Gabriel and Abdulahad argue that the evidence indicates that they were not serious about soliciting Callahan to commit the arsons and refused to aid Callahan in preparing for the arsons. They point to their efforts to postpone and delay the date set for the arsons, including their refusal to give Callahan keys to their businesses, and, in Gabriel's case, a refusal to buy rubbing alcohol for the fire as Callahan had suggested. Callahan could have supposed, and the jury could have inferred, however, that the efforts by the defendants to delay and their refusal to provide aid to Callahan were means of distancing themselves from the planned arsons and not designed to rebuff or discourage Callahan.
Taking into consideration the strongly corroborating circumstances of defendants' intent to solicit Callahan, as well as the maxim that we must take all inferences in favor of the government, we find that there is ample evidence to persuade a rational jury beyond a reasonable doubt of the defendants' intent to solicit and therefore sustain their convictions under the solicitation statute.
C. Attempted Arson and Aiding and Abetting Solicitation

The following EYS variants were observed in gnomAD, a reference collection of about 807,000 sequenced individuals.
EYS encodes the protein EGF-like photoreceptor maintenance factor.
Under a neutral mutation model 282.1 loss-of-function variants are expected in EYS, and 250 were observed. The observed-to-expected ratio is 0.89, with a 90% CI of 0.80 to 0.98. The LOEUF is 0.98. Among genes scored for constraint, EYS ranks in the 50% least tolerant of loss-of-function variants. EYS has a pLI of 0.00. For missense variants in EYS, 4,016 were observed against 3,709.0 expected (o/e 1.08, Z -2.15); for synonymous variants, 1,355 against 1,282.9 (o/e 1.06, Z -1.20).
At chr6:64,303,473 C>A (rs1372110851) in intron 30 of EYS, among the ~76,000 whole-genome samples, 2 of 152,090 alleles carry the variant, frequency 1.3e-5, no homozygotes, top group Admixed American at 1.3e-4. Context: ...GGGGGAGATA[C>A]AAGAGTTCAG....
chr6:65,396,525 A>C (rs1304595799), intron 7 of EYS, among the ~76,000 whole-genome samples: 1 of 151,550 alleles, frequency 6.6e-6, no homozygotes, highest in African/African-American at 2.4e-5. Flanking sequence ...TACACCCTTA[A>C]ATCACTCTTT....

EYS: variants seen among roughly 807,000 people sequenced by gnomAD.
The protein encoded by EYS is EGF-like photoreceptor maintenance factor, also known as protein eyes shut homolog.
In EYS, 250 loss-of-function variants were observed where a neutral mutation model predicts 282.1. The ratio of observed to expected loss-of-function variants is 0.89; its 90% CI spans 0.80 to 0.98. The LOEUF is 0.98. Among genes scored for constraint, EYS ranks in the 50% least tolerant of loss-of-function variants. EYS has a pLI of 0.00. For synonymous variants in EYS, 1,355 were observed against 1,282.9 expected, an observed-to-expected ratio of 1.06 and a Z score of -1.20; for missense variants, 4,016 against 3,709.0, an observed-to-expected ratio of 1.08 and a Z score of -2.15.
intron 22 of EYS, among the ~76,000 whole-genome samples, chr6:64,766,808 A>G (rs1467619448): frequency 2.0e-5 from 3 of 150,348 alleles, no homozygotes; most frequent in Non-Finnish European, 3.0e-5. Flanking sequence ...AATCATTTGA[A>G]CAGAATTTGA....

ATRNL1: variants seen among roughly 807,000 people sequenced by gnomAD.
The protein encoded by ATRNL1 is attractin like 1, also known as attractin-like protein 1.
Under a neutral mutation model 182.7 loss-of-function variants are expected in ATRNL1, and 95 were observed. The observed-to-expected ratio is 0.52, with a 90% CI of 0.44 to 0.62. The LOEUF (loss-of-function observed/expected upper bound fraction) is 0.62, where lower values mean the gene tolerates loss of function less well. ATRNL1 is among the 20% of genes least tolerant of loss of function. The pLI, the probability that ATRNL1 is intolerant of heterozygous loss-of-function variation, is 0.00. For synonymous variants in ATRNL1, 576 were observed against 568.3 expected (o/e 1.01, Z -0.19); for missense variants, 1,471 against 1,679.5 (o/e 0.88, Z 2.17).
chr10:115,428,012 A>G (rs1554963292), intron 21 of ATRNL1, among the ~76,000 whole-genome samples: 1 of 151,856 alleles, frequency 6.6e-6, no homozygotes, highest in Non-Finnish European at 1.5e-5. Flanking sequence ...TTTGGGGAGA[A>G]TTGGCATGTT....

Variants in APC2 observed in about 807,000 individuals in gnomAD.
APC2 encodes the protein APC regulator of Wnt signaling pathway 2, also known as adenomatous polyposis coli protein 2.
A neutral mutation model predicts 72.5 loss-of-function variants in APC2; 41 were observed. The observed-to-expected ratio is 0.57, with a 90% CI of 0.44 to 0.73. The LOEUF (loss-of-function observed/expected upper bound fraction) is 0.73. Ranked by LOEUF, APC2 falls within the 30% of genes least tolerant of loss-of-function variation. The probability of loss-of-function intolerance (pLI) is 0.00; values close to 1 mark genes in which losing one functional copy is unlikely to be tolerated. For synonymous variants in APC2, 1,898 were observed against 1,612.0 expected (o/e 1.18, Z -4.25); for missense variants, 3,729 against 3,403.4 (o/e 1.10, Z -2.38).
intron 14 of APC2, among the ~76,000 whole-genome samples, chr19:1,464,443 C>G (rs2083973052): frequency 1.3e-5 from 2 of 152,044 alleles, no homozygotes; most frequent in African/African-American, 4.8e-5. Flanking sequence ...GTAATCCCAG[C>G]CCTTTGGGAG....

Gabriel alone was convicted of attempted arson and aiding and abetting Abdulahad's solicitation of Callahan. He argues that there is insufficient evidence of his intent to sustain those convictions. The requisite mental state for aiding and abetting is that the defendant intentionally encourage or assist another in the commission of an offense. United States v. Greer, 467 F.2d 1064, 1069 (7th Cir. 1972), cert. denied, 410 U.S. 929, 93 S. Ct. 1364, 35 L. Ed. 2d 590 (1973). The government must prove that the defendant " 'in some sort associate [d] himself with the venture,' " id. at 1068-69 (quoting Judge Learned Hand in United States v. Peoni, 100 F.2d 401, 402 (2d Cir. 1938)), such that the defendant "shared the criminal intent of the principal." United States v. Pope, 739 F.2d 289, 291 (7th Cir. 1984). Proof of this criminal intent may be inferred from the surrounding circumstances. Id. at 291-92; United States v. Beck, 615 F.2d 441, 449 (7th Cir. 1980); Greer, 467 F.2d at 1069.